DeKALB – Kristin Maldonado finds comfort in knowing her manager at Michaels in DeKalb struggles with the same autoimmune disorder as she does.
Maldonado, a DeKalb resident, was diagnosed with Hashimoto thyroiditis when she was 12 years old. Now 29, the disorder that attacks her thyroid has affected her energy levels. She regularly has to monitor her thyroid-stimulating hormone levels with blood tests, is prone to depression and has plantar fasciitis, an inflammation of the foot.
Her store manager at Michaels, Shannon Carpenter, also has Hashimoto thyroiditis.
“She completely understands,” Maldonado said. “Some other people don’t understand and think it’s normal to be tired, but when you’re tired all the time and can’t do normal activities because your feet hurt, all I want to do is sleep all day.”
Not every employee has the same luxury of confiding in their bosses about their disabilities. An article recently published in the journal, Industrial and Organizational Psychology: Perspectives on Science and Practice, found many employees struggle with disclosing their invisible disabilities, which are conditions that are not immediately noticeable. The article states that disclosing an invisible disability can affect the employee’s chances of getting a promotion, as well as their social relationships and the overall health of the employee.
Northern Illinois University psychology professor Alecia Santuzzi was the lead author in the article. Santuzzi worked with Purdue University psychology professor Deborah Rupp to raise attention to the issue and to point out how current legislation might not be sensitive to those with invisible disabilities.
“Research suggests concealing stigmatizing information does weigh down on cognitive resources,” Santuzzi said. “Mental energy that one could be devoting to being a better worker is somewhat distracted or challenged because part of their attention is on managing that information and making sure there aren’t any leaks.”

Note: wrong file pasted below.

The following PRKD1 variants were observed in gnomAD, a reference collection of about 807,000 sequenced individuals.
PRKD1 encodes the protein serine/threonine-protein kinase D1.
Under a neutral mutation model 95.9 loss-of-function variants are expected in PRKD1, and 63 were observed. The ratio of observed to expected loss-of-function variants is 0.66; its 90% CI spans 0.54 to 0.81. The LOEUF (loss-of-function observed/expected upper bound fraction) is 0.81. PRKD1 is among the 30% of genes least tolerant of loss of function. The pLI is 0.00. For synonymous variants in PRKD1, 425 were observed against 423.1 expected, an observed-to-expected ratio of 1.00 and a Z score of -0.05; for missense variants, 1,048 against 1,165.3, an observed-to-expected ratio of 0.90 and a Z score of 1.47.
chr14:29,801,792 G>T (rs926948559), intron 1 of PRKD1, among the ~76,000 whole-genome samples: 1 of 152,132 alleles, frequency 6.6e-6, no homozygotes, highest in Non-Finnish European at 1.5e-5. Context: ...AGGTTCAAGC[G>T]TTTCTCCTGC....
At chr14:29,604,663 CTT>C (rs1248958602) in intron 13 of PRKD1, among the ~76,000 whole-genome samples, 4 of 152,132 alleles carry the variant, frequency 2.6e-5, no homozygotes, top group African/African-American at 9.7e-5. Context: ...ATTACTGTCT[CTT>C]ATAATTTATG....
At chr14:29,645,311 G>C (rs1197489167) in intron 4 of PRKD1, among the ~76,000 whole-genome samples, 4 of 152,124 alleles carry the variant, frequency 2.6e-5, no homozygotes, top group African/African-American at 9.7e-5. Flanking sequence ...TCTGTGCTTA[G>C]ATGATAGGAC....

While the article does not call on specific legislation to change, it does cite the challenges of some already in place. An amendment of the Americans With Disabilities Act requires employers to provide accommodations for the disabled, which could force those suffering from invisible disabilities to talk to their employer about how their disability affects work performance.
Another law enacted in March requires federal contractors to ask potential employees whether they have a disability before they are even hired for the job. Under this law, job seekers are asked to voluntarily fill out a form asking whether or not they have a disability. They can choose, “I do not wish to answer” in the form, said Nancy Hammer, senior government affairs policy counsel for the Society For Human Resource Management.
“HR as a profession is very focused and aware of non-discrimination laws,” Hammer said. “On the other hand, we understand why an individual who has a disability, especially if you can’t see it, may not want to disclose that unless they need to for some reason.”
Disclosure was difficult for Treveda Redmond, an eighth grade language arts teacher at Clinton Rosette Middle School in DeKalb. Redmond missed the majority of the 2013-2014 school year after being diagnosed with early stage breast cancer.
She made the aggressive decision of having double mastectomy in December, despite having no family history of breast cancer. She received breast implants June 17 to bring back her confidence.
Redmond said it was hard to tell school principal Tim Vincent about her struggles because he is a man. It took her about two weeks to tell Vincent of her diagnosis.
“He was as supportive as he could be,” she said.